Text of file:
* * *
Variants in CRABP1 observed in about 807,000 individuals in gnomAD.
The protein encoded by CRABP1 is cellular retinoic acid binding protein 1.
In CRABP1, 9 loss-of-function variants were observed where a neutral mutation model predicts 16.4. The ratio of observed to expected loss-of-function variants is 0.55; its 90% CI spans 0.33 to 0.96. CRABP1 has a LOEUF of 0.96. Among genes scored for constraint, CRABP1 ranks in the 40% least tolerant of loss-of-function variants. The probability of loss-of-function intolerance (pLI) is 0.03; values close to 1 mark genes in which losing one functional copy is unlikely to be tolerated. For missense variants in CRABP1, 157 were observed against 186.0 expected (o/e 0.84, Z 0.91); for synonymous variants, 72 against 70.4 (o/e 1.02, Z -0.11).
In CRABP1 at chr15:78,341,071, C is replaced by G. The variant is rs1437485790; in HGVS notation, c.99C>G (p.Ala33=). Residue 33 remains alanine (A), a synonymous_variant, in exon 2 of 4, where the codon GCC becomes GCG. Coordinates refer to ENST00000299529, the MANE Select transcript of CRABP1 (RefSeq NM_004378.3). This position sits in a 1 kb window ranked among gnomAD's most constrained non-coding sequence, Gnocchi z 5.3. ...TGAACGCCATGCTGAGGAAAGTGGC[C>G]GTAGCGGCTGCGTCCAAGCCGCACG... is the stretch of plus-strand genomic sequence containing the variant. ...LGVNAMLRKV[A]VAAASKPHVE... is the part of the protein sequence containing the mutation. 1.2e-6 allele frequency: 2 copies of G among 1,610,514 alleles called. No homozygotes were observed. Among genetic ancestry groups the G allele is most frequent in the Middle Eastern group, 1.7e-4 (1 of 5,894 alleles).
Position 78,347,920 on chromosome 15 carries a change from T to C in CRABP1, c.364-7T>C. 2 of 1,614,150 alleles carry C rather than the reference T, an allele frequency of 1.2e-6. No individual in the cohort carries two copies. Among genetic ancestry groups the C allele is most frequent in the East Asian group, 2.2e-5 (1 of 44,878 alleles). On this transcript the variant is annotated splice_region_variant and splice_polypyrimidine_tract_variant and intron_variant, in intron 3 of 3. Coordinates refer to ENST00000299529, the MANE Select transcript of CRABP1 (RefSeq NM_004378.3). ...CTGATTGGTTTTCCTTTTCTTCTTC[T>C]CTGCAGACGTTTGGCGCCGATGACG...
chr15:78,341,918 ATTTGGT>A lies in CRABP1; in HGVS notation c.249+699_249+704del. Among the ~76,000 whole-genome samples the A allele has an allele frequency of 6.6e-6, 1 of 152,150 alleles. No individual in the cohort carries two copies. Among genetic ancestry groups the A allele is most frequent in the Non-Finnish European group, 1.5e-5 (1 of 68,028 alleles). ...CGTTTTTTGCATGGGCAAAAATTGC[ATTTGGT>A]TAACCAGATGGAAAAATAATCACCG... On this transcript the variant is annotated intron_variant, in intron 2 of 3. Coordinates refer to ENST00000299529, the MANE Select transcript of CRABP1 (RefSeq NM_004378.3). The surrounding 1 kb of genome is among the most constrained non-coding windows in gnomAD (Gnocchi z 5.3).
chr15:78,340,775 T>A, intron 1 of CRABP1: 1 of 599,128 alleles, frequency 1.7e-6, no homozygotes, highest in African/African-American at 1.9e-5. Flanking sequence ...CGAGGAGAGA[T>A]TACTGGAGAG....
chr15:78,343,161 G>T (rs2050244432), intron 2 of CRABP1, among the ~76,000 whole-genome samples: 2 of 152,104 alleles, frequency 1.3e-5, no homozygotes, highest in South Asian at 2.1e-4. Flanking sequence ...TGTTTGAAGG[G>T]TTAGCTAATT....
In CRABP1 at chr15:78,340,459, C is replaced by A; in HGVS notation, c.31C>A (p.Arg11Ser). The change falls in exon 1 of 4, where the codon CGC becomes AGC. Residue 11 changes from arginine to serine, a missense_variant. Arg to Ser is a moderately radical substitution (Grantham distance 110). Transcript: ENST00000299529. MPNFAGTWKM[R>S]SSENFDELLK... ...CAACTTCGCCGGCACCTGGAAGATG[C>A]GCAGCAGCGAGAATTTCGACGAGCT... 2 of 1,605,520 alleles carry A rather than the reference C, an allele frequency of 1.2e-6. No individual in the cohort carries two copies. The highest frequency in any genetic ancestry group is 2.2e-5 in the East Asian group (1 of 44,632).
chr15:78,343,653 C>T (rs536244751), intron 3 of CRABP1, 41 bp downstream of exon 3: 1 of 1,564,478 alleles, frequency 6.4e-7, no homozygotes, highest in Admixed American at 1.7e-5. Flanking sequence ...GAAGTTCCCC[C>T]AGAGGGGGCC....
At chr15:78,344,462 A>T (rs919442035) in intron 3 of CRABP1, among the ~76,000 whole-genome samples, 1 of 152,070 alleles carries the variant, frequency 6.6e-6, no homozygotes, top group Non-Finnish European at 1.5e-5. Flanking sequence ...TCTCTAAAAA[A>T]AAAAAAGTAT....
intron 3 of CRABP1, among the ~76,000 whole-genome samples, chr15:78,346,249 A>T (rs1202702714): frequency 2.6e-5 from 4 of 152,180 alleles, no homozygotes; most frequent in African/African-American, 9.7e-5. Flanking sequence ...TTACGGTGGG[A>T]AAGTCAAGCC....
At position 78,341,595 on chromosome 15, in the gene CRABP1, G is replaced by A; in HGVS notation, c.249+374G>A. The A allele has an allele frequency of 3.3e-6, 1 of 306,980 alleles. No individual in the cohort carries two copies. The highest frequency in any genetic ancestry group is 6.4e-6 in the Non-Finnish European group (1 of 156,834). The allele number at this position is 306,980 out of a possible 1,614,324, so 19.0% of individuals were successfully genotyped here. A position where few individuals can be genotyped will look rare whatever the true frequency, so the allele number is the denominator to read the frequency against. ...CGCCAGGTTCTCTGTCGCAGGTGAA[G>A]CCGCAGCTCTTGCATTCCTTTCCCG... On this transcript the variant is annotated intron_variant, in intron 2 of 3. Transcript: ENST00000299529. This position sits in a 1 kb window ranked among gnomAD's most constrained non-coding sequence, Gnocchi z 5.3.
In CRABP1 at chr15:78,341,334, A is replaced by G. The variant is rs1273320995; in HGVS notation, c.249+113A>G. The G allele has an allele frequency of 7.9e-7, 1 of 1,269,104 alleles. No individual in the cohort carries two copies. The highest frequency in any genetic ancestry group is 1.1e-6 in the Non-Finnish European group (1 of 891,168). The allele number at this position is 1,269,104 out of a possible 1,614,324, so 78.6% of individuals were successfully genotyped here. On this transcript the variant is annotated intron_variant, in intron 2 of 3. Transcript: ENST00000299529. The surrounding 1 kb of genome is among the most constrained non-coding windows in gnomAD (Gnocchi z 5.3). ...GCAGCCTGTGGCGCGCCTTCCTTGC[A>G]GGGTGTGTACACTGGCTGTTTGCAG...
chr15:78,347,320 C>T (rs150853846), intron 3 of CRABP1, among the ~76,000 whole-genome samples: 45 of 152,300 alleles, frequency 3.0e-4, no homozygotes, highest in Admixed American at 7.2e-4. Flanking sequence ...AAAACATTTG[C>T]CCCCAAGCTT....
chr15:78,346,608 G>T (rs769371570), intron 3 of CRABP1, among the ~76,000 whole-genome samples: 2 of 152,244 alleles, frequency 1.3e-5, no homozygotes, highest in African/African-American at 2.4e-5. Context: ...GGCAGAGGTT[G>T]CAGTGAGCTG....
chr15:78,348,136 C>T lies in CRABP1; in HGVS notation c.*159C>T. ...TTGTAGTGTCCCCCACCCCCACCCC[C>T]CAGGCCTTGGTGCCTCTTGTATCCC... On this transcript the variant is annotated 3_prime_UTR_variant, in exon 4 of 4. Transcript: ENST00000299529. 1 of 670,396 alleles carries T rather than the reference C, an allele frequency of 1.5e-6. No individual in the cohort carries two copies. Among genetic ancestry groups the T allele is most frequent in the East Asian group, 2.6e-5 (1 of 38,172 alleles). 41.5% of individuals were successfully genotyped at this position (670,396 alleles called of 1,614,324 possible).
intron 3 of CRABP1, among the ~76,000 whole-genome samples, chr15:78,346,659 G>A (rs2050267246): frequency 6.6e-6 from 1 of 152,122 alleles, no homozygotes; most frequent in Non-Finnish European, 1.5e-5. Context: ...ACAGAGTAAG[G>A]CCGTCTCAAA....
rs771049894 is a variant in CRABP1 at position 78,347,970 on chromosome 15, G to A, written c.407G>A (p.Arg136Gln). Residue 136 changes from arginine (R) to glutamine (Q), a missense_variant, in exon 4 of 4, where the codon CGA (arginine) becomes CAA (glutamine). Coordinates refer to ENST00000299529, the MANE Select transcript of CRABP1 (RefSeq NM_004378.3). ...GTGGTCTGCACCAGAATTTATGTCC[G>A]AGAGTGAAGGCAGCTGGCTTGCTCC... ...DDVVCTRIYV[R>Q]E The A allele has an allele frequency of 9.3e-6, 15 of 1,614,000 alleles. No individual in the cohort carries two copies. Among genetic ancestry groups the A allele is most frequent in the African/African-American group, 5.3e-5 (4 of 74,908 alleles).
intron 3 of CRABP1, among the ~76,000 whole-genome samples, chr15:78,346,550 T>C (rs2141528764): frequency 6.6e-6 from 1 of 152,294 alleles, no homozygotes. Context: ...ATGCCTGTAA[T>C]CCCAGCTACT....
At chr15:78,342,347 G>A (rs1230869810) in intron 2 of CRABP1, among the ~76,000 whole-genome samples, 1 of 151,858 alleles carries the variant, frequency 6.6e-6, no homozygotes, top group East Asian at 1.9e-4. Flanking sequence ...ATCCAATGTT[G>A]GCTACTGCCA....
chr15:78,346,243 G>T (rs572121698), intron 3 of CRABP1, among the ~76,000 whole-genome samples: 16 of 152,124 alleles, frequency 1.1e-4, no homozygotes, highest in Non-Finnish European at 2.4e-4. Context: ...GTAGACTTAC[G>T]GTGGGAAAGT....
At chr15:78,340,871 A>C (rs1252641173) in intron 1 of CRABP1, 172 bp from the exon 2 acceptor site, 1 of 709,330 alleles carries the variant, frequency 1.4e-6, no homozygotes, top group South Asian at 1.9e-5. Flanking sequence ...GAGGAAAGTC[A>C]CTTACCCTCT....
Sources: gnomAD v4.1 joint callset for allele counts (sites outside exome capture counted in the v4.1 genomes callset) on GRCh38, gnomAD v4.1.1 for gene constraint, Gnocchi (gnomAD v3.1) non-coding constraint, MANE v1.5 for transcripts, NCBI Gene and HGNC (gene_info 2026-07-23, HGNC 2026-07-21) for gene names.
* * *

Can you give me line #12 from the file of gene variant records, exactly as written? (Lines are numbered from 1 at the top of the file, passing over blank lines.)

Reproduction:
intron 3 of CRABP1, among the ~76,000 whole-genome samples, chr15:78,346,249 A>T (rs1202702714): frequency 2.6e-5 from 4 of 152,180 alleles, no homozygotes; most frequent in African/African-American, 9.7e-5. Flanking sequence ...TTACGGTGGG[A>T]AAGTCAAGCC....